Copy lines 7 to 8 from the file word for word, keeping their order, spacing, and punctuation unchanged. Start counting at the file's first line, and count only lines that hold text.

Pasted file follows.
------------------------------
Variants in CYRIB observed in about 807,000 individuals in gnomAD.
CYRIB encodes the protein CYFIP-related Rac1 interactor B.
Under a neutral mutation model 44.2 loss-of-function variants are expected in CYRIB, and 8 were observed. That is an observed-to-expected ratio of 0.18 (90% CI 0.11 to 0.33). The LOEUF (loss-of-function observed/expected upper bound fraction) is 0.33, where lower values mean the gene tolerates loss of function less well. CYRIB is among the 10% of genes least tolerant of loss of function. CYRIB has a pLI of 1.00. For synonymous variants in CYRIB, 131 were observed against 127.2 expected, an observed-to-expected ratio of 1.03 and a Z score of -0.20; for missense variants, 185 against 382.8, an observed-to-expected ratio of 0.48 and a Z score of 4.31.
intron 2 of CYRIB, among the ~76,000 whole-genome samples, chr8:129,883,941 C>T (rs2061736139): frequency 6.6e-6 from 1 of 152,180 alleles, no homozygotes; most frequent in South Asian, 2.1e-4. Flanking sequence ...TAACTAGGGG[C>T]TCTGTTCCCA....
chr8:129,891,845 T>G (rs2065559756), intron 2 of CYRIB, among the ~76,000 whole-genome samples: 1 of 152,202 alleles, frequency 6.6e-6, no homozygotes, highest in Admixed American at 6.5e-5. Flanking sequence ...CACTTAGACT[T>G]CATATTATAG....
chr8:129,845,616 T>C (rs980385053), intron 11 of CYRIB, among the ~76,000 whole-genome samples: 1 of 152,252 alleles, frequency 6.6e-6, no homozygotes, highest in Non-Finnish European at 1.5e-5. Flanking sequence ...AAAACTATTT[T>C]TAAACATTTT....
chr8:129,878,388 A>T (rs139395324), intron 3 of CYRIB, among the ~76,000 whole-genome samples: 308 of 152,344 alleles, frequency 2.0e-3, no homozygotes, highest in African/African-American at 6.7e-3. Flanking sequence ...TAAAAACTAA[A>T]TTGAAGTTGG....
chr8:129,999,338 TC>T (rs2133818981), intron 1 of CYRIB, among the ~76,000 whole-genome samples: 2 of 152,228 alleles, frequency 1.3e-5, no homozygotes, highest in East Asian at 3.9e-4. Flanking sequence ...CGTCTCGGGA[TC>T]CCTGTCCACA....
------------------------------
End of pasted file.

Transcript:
chr8:129,878,388 A>T (rs139395324), intron 3 of CYRIB, among the ~76,000 whole-genome samples: 308 of 152,344 alleles, frequency 2.0e-3, no homozygotes, highest in African/African-American at 6.7e-3. Flanking sequence ...TAAAAACTAA[A>T]TTGAAGTTGG....
chr8:129,999,338 TC>T (rs2133818981), intron 1 of CYRIB, among the ~76,000 whole-genome samples: 2 of 152,228 alleles, frequency 1.3e-5, no homozygotes, highest in East Asian at 3.9e-4. Flanking sequence ...CGTCTCGGGA[TC>T]CCTGTCCACA....